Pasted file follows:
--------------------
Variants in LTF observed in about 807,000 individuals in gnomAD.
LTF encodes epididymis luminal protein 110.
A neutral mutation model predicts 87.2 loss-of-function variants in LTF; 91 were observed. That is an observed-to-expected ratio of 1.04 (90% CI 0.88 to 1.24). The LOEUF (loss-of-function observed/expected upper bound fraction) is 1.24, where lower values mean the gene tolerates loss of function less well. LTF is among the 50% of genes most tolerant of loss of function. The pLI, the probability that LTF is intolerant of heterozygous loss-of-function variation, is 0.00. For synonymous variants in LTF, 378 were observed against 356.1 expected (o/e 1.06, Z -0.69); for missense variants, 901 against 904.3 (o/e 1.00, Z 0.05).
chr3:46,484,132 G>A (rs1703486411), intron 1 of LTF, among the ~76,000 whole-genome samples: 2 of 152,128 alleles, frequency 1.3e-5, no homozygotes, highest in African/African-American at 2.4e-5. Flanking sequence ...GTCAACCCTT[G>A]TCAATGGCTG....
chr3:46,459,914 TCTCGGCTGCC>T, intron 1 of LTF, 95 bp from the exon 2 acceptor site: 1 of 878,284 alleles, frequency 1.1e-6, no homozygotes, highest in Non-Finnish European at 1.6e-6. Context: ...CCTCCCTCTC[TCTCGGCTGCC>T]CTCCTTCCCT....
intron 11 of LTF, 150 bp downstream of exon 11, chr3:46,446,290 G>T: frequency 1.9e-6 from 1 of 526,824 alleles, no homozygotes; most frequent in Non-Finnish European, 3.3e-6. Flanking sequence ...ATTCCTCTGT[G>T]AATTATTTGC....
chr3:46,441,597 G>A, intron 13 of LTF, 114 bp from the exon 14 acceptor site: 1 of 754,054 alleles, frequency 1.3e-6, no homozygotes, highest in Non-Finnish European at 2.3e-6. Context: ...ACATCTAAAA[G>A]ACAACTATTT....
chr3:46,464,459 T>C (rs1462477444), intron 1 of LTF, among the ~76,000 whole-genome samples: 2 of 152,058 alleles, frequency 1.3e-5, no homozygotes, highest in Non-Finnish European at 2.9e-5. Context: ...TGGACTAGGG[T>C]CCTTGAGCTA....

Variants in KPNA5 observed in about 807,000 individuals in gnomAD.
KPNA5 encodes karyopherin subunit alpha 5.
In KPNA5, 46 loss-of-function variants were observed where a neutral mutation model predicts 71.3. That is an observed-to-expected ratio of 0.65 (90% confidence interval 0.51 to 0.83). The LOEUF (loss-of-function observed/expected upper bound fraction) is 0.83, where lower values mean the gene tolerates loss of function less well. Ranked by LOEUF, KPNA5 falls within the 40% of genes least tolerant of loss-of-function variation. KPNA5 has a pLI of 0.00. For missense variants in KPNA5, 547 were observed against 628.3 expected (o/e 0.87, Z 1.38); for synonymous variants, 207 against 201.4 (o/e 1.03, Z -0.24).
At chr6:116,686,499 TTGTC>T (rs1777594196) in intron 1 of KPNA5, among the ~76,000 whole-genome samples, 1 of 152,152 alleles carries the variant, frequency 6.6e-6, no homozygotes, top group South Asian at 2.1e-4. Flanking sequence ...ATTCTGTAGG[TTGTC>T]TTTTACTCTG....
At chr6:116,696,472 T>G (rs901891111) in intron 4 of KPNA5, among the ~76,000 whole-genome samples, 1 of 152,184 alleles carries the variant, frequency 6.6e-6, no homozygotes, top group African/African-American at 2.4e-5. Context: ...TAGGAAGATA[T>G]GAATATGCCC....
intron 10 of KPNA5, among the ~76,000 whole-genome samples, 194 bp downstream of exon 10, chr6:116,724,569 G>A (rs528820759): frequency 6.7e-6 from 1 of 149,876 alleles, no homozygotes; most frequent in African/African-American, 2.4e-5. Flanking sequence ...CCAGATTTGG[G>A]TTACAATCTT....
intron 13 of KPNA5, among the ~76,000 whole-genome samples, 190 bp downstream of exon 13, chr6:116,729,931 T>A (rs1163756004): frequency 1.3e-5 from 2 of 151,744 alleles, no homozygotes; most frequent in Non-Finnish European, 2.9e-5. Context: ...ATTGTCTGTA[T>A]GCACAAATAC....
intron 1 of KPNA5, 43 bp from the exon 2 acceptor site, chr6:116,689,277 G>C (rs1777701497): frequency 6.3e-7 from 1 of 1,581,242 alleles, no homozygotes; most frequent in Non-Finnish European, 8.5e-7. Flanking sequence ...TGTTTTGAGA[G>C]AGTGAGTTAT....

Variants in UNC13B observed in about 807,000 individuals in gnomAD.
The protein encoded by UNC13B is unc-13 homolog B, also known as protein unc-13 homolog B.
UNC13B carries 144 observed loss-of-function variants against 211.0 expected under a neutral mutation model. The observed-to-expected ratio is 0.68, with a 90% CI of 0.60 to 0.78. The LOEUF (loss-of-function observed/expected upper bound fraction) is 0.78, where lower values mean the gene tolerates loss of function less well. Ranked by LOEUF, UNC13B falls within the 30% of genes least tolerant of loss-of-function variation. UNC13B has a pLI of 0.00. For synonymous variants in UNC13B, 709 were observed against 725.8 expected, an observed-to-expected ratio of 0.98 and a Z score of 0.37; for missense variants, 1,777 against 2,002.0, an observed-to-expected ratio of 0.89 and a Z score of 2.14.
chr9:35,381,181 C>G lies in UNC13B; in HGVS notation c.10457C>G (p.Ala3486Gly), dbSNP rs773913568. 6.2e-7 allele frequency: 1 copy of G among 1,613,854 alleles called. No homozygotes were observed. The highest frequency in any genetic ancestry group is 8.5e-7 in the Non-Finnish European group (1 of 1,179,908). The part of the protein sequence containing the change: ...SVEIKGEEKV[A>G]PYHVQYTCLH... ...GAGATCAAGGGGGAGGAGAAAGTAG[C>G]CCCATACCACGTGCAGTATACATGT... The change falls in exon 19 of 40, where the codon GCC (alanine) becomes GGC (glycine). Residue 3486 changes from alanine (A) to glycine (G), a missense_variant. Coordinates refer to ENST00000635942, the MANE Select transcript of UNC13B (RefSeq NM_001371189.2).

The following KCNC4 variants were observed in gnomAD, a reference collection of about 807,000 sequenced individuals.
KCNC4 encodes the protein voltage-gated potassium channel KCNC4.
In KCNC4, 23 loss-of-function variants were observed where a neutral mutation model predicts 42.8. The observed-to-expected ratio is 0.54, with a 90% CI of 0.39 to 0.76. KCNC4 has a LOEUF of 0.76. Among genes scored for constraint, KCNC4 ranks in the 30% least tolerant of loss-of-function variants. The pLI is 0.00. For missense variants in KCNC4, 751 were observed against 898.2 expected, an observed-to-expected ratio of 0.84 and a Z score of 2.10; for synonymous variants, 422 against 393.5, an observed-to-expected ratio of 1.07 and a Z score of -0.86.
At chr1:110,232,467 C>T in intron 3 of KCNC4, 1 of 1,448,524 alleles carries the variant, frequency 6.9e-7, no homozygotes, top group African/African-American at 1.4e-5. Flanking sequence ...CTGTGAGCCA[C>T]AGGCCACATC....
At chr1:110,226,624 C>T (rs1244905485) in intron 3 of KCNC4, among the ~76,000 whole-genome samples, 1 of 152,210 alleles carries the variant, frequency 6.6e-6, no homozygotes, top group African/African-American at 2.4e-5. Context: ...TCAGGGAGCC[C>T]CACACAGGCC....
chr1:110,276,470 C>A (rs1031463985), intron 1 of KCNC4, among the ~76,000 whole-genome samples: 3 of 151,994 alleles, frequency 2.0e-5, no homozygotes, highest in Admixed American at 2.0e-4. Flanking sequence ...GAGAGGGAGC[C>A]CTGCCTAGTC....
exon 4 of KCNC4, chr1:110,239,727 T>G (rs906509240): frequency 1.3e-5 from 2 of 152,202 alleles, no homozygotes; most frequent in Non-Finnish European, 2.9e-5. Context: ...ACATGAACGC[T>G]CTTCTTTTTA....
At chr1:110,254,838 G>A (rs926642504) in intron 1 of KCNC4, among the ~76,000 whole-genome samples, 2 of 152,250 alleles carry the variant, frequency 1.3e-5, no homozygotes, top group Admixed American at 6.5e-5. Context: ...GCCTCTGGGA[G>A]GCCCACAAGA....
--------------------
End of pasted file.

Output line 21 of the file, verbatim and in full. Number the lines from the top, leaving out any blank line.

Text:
The following KCNC4 variants were observed in gnomAD, a reference collection of about 807,000 sequenced individuals.